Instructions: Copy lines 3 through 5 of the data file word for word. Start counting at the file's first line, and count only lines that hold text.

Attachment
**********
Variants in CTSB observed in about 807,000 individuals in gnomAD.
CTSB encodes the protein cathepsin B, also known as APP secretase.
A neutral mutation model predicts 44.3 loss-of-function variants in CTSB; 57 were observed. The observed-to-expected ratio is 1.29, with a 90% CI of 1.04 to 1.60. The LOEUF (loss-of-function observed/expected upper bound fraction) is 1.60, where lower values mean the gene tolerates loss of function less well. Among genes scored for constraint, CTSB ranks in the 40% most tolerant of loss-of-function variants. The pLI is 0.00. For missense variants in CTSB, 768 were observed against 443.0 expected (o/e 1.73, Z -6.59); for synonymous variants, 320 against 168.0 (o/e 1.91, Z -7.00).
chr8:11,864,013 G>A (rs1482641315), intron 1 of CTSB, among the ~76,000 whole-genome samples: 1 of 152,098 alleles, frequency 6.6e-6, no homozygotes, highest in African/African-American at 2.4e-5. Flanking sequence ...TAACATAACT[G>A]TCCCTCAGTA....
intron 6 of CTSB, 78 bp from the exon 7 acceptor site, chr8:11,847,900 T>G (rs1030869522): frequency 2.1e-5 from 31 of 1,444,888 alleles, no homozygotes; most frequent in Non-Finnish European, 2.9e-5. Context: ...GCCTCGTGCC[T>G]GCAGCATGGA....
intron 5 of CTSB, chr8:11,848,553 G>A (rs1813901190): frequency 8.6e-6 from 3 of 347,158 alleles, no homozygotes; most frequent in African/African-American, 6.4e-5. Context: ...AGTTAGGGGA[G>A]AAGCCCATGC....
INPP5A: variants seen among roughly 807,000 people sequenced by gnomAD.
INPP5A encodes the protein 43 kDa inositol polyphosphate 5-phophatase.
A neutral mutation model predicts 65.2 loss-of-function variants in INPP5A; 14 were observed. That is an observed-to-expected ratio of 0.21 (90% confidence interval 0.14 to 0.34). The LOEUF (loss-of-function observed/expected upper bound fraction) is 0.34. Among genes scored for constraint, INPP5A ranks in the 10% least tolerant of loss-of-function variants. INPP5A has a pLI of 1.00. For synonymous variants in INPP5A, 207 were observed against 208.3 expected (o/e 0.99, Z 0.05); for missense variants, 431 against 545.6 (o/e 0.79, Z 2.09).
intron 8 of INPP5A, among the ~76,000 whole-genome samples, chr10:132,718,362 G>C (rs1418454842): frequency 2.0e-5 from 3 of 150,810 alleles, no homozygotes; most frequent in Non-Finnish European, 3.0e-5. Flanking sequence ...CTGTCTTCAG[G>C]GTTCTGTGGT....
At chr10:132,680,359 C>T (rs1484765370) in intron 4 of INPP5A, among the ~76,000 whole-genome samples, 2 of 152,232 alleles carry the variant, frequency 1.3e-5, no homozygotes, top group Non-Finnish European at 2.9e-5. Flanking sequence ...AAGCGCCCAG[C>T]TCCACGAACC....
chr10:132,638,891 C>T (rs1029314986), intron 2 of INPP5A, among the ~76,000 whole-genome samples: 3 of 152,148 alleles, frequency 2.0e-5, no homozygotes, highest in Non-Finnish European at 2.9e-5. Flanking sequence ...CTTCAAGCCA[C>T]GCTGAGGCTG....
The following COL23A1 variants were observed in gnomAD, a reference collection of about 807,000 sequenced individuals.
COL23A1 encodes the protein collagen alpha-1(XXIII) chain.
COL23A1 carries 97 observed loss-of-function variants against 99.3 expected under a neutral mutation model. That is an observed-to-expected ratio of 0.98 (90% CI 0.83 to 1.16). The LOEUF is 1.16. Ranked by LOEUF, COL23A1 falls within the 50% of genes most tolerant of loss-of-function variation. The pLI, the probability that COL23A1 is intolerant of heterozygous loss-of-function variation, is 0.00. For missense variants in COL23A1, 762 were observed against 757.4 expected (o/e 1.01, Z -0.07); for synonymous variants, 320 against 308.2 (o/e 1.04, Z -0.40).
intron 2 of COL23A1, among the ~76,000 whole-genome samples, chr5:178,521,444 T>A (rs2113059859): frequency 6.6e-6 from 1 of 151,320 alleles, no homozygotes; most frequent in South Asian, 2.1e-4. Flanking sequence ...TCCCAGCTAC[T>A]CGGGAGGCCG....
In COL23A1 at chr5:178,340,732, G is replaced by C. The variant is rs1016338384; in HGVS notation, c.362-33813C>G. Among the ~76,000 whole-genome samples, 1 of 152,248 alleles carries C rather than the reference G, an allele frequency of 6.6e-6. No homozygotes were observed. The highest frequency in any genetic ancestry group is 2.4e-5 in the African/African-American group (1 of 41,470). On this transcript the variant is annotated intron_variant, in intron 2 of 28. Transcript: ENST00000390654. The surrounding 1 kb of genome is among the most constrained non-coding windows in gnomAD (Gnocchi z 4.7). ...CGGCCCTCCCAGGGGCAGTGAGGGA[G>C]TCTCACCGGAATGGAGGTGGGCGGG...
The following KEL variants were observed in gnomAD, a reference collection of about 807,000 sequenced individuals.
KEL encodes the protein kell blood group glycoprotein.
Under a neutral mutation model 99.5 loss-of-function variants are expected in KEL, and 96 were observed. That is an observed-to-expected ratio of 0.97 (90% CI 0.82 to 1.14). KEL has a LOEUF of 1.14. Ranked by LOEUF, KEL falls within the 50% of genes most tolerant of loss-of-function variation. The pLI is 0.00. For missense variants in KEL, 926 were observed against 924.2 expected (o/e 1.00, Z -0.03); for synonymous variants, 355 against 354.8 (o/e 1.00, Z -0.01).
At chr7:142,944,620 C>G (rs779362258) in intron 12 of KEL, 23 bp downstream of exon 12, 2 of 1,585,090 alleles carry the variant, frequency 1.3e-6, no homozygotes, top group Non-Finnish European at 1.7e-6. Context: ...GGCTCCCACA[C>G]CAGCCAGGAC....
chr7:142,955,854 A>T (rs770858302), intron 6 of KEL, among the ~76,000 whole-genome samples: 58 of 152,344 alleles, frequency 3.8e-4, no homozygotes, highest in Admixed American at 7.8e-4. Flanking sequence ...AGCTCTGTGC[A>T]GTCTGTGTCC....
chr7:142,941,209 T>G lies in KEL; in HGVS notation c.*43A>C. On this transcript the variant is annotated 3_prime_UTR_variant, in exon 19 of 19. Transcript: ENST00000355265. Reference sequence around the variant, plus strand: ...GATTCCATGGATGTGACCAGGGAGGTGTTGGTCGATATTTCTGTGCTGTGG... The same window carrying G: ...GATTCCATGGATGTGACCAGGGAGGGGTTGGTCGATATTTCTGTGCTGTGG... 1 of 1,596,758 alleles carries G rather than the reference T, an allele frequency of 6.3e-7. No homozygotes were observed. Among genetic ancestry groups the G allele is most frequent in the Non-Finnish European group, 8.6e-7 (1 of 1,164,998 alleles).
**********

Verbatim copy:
A neutral mutation model predicts 44.3 loss-of-function variants in CTSB; 57 were observed. The observed-to-expected ratio is 1.29, with a 90% CI of 1.04 to 1.60. The LOEUF (loss-of-function observed/expected upper bound fraction) is 1.60, where lower values mean the gene tolerates loss of function less well. Among genes scored for constraint, CTSB ranks in the 40% most tolerant of loss-of-function variants. The pLI is 0.00. For missense variants in CTSB, 768 were observed against 443.0 expected (o/e 1.73, Z -6.59); for synonymous variants, 320 against 168.0 (o/e 1.91, Z -7.00).
chr8:11,864,013 G>A (rs1482641315), intron 1 of CTSB, among the ~76,000 whole-genome samples: 1 of 152,098 alleles, frequency 6.6e-6, no homozygotes, highest in African/African-American at 2.4e-5. Flanking sequence ...TAACATAACT[G>A]TCCCTCAGTA....
intron 6 of CTSB, 78 bp from the exon 7 acceptor site, chr8:11,847,900 T>G (rs1030869522): frequency 2.1e-5 from 31 of 1,444,888 alleles, no homozygotes; most frequent in Non-Finnish European, 2.9e-5. Context: ...GCCTCGTGCC[T>G]GCAGCATGGA....